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Journal Article

Citation

Hansen C, Battikha M, Teramoto M. Pediatr. Neurol. 2019; 90: 31-36.

Affiliation

Division of Physical Medicine & Rehabilitation, University of Utah, Salt Lake City, Utah. Electronic address: Masaru.Teramoto@hsc.utah.edu.

Copyright

(Copyright © 2019, Elsevier Publishing)

DOI

10.1016/j.pediatrneurol.2018.09.015

PMID

30415875

Abstract

OBJECTIVE: The aims of this study were: (1) to characterize mild traumatic brain injury (mTBI), mTBI with skull fracture, and complicated mTBI in school-aged children seen at a Level I pediatric trauma center and (2) to examine the nature of imaging findings seen in children with mTBI with skull fracture and those with complicated mTBI.

METHODS: A total of 1777 pediatric patients (male: 1193 or 67.1%; age = 11.1 ± 3.5 years) sustaining mTBI who presented to the Emergency Department or directly to the trauma service in the years 2010 to 2013 were identified and classified into mTBI (n = 1,319 or 74.2%), mTBI with skull fracture (n = 127 or 7.2%), and complicated mTBI (n = 331 or 18.6%). Patient characteristics and imaging findings were analyzed using descriptive statistics, Pearson's χ2 test, Fisher's exact test, and logistic regression analysis.

RESULTS: In children with complicated mTBI, subdural hematoma (36.9%) was the most common finding. Of the 331 children with complicated mTBI, 241 (72.8%) had multiple findings compared with one (0.8%) of 127 children having mTBI with skull fracture (Fisher's exact P < 0.001), with logistic regression analysis revealing younger age as a potential risk factor (P < 0.01). Children sustaining a depressed or complex skull fracture were nearly twice as likely as those with simple, linear skull fracture to have intracranial abnormality.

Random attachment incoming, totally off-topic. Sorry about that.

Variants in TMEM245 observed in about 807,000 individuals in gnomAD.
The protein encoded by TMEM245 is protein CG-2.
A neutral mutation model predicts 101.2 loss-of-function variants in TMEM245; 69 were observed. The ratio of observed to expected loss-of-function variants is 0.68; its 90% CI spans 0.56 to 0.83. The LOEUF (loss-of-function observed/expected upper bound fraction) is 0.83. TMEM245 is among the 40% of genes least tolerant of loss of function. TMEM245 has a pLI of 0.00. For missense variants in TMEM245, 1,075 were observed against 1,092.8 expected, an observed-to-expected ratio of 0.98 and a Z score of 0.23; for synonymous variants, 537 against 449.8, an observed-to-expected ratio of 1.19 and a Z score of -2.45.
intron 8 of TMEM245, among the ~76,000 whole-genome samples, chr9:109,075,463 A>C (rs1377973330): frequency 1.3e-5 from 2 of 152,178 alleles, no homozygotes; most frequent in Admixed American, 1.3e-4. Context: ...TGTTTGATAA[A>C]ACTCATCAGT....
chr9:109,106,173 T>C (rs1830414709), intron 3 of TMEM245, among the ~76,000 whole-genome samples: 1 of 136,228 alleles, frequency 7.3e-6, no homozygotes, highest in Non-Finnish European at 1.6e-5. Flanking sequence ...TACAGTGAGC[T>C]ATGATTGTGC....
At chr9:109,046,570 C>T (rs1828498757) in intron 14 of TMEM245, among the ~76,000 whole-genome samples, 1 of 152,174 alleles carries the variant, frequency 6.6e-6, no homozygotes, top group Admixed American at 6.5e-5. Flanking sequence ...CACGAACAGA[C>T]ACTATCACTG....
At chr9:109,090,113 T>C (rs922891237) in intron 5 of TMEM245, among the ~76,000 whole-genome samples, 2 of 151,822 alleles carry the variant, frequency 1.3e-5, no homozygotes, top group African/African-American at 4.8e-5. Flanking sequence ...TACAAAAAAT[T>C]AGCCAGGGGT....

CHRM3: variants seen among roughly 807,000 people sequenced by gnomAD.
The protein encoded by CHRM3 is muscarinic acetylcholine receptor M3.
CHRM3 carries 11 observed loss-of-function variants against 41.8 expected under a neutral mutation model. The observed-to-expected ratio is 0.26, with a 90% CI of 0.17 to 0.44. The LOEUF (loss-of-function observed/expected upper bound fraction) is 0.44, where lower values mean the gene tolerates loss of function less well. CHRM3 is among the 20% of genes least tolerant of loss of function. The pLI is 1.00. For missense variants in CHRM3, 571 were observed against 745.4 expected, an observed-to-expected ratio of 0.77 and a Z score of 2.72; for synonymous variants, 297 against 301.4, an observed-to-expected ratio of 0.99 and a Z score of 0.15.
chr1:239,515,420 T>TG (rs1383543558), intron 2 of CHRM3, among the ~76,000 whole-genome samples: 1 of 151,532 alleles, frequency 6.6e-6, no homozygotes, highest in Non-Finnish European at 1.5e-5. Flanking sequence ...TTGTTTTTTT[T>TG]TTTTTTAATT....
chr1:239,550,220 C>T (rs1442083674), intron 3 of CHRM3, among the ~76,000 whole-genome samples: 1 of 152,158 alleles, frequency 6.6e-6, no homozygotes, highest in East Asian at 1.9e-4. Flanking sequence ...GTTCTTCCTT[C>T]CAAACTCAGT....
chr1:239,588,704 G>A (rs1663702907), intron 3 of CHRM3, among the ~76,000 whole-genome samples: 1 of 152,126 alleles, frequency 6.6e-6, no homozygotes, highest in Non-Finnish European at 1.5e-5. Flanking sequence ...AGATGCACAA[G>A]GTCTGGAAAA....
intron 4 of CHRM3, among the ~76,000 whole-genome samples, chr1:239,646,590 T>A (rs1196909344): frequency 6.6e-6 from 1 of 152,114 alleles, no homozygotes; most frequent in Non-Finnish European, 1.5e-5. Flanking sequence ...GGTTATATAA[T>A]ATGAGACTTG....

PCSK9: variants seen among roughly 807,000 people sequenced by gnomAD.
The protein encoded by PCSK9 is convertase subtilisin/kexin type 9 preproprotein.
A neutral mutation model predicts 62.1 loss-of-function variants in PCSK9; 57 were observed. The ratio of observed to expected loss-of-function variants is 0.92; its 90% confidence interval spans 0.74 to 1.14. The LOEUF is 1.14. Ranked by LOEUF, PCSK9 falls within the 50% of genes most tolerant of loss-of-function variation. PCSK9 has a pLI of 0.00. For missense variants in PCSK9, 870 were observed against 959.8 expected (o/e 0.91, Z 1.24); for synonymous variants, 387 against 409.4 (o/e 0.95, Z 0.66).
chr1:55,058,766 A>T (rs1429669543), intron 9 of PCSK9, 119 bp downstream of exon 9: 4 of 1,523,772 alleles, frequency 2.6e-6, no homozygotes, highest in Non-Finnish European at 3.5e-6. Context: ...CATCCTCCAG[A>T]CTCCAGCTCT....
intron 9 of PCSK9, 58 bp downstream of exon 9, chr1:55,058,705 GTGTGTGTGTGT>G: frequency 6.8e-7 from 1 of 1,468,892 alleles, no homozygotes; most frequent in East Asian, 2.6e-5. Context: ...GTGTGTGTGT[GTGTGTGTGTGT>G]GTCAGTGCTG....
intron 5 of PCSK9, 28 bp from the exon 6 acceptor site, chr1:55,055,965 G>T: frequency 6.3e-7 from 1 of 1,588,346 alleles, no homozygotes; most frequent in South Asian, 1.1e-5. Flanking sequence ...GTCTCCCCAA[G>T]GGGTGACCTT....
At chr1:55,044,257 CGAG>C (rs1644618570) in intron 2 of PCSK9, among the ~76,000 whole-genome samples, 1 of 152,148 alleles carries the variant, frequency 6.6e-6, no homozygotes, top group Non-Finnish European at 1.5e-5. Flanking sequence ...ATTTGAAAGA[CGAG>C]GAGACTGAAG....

CONCLUSIONS: Multiple radiographic findings in children sustaining mTBI with skull fracture or complicated mTBI are prevalent (72.8%), with younger age as a potential risk factor.

Copyright © 2018 Elsevier Inc. All rights reserved.


Language: en

Keywords

Glasgow Coma Scale; complicated mild traumatic brain injury; concussion; imaging findings; level I pediatric trauma center; mild traumatic brain injury; skull fracture

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